Jan 10, 2019
Expansion of cannabis pilot program creates further uncertainties for employers
To date, 46 states, including Illinois, have enacted some form of legislation legalizing pharmaceutical cannabis for the treatment of designated medical conditions. In August 2018, former Governor Bruce Rauner signed into law legislation that expanded the existing Illinois’ Compassionate Use of Medical Cannabis Pilot Program Act (the Act) which allows doctors to prescribe medical cannabis as an alternative to opioids. It is anticipated that the new legislation, which will go into effect early in 2019, will greatly increase the number of individuals who are prescribed medical cannabis in Illinois.
Legalized use of medical cannabis puts many Illinois employers in unfamiliar territory. Under the Act, employers cannot discriminate against, refuse to hire or penalize a person solely on the basis of their status as a medical cannabis patient or a registered medical cannabis user. That said, the Act seems to run contrary to many employers’ established standard guidelines regarding drug use in the workplace.
The Act does provide a few notable exceptions. For instance, it allows employers to adopt regulations concerning consumption, storage and timekeeping requirements for a registered user. Additionally, the Act allows employers to maintain and enforce their drug testing, zero tolerance and drug-free workplace policies. Further, it provides for an exception where nondiscrimination of a registered cannabis user would put the employer in violation of federal law or in danger of losing a federal contract or funding. As such, there are specific circumstances where an employer may discriminate against a registered user without running afoul of the Act.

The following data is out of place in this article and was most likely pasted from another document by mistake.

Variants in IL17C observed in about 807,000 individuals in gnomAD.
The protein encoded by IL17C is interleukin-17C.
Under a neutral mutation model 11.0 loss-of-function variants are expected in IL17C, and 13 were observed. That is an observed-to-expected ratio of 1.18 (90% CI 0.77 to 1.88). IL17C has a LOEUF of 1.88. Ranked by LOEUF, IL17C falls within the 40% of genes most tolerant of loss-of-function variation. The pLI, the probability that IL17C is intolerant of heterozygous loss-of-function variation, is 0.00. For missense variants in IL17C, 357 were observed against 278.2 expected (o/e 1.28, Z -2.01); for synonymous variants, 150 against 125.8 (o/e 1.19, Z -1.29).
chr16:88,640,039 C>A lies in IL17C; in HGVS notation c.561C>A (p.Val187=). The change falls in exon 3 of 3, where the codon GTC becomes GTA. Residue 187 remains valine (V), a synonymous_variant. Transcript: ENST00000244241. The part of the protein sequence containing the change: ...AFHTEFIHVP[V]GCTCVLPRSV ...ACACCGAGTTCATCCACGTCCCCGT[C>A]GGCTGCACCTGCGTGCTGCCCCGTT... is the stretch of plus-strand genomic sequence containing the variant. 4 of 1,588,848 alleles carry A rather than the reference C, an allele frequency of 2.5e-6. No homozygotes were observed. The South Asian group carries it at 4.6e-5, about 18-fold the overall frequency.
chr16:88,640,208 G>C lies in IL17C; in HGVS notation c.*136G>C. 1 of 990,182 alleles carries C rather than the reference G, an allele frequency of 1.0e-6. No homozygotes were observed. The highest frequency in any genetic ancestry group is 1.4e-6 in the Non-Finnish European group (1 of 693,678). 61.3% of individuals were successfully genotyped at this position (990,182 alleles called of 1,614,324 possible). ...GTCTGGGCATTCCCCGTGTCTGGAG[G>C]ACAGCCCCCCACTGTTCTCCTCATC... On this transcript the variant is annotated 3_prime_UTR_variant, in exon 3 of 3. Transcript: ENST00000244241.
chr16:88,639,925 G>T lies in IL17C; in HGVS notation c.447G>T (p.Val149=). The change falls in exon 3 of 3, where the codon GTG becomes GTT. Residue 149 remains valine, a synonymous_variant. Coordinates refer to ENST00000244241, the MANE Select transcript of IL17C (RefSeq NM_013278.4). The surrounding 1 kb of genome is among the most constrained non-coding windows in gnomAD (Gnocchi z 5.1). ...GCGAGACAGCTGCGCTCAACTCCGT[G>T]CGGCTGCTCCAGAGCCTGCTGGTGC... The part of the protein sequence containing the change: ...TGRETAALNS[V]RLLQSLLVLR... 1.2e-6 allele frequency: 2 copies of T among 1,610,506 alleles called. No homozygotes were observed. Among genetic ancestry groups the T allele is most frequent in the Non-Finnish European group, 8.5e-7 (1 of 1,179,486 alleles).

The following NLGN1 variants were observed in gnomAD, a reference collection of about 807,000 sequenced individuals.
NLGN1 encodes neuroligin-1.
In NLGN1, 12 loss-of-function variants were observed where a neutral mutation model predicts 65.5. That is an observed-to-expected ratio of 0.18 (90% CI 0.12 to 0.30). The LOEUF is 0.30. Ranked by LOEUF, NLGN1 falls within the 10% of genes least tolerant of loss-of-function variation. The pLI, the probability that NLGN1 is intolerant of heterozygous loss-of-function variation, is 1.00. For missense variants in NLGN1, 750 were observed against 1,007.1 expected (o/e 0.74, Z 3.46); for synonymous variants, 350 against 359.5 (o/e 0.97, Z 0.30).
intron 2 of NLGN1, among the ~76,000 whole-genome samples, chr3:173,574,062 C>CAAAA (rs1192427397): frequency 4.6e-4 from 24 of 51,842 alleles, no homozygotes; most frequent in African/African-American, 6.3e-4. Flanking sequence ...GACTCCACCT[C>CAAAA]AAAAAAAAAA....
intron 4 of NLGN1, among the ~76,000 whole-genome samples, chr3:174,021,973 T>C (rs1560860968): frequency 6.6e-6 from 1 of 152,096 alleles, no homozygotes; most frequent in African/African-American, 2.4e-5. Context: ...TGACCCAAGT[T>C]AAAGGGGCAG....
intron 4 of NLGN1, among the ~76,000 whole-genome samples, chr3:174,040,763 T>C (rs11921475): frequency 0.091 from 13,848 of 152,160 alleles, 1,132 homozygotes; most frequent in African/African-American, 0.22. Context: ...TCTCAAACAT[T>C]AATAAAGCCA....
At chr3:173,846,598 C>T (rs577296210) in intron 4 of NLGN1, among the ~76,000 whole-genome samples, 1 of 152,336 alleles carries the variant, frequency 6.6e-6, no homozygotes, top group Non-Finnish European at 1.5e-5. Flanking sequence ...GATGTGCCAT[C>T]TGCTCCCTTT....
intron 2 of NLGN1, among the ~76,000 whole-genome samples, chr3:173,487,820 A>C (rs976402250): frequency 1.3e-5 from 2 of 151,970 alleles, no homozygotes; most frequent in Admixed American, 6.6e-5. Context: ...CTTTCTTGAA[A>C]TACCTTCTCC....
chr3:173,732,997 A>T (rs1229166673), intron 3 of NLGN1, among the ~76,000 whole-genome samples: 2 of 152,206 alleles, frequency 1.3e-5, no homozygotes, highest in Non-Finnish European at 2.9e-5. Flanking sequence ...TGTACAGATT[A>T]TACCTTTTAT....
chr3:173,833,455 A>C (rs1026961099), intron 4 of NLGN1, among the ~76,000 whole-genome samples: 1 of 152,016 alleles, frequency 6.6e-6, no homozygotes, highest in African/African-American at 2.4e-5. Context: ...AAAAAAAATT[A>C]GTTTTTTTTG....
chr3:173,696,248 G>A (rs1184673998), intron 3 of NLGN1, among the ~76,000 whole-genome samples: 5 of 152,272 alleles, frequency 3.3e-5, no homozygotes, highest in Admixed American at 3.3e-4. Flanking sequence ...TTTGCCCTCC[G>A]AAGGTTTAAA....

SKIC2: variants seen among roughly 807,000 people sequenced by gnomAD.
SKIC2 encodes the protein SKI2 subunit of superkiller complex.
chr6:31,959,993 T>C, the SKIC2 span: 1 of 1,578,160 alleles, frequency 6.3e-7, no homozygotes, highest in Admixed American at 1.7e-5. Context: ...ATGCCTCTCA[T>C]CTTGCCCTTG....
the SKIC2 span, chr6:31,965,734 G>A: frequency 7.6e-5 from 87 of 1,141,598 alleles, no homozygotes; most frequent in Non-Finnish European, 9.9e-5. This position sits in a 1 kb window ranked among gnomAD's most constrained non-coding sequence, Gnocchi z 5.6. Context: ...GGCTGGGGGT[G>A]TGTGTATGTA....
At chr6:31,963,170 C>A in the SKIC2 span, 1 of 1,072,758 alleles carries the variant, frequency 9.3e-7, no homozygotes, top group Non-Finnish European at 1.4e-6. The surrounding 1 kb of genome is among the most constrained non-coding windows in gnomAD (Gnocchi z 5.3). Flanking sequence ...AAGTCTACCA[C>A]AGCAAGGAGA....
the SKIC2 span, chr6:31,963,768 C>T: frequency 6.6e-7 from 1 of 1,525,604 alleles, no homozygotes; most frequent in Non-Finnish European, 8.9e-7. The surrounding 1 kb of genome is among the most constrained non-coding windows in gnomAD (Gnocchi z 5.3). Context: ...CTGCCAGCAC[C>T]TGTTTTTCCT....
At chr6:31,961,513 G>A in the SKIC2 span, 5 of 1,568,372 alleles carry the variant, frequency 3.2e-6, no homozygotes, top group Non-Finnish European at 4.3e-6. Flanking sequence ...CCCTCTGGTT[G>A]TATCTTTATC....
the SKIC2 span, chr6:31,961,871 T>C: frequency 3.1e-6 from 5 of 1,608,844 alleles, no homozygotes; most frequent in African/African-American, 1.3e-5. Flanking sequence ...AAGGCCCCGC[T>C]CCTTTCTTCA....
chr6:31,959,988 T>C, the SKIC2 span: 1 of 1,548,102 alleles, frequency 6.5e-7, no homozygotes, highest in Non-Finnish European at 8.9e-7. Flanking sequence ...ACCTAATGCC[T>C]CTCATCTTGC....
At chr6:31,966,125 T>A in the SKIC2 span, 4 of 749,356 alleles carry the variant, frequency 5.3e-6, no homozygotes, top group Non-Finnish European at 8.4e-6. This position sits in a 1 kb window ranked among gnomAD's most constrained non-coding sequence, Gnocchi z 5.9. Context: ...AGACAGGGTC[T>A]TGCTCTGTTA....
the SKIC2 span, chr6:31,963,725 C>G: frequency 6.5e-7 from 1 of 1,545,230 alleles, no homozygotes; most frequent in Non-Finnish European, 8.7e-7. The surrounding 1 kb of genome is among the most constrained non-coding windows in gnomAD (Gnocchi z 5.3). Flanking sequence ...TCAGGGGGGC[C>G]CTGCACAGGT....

Laws regarding medical cannabis in Illinois continue to evolve. As the Act expands and more patients are registered, employers will be faced with the Act’s application to their current employment policies. Employers should familiarize themselves with the Act, its requirements and exceptions with respect to employees. Employers should seek counsel prior to making decisions as to hiring, firing or disciplining based on a registered medical cannabis user’s drug test results.
If you have questions regarding the Act or its impact on employment matters, please feel free to contact a Chuhak & Tecson Employment Law attorney.
This Chuhak & Tecson, P.C. communication is intended only to provide information regarding developments in the law and information of general interest. It is not intended to constitute advice regarding legal problems and should not be relied upon as such.
Client alert authored by: Evan D. Blewett, Associate
This alert originally appeared in the January 2019 Employment Focus newsletter.